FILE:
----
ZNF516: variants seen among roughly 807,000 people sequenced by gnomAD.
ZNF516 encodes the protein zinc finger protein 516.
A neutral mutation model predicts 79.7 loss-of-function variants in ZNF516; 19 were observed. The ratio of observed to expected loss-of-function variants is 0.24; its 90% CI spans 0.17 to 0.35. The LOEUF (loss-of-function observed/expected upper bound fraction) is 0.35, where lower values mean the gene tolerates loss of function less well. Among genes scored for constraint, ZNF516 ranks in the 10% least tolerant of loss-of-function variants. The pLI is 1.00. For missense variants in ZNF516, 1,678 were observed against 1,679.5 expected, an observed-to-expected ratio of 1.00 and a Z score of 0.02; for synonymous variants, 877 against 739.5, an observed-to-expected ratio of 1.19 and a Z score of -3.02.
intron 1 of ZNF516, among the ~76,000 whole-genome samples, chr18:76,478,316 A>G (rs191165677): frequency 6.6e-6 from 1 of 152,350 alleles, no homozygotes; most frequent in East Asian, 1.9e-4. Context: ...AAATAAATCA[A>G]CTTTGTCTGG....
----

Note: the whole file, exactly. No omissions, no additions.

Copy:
ZNF516: variants seen among roughly 807,000 people sequenced by gnomAD.
ZNF516 encodes the protein zinc finger protein 516.
A neutral mutation model predicts 79.7 loss-of-function variants in ZNF516; 19 were observed. The ratio of observed to expected loss-of-function variants is 0.24; its 90% CI spans 0.17 to 0.35. The LOEUF (loss-of-function observed/expected upper bound fraction) is 0.35, where lower values mean the gene tolerates loss of function less well. Among genes scored for constraint, ZNF516 ranks in the 10% least tolerant of loss-of-function variants. The pLI is 1.00. For missense variants in ZNF516, 1,678 were observed against 1,679.5 expected, an observed-to-expected ratio of 1.00 and a Z score of 0.02; for synonymous variants, 877 against 739.5, an observed-to-expected ratio of 1.19 and a Z score of -3.02.
intron 1 of ZNF516, among the ~76,000 whole-genome samples, chr18:76,478,316 A>G (rs191165677): frequency 6.6e-6 from 1 of 152,350 alleles, no homozygotes; most frequent in East Asian, 1.9e-4. Context: ...AAATAAATCA[A>G]CTTTGTCTGG....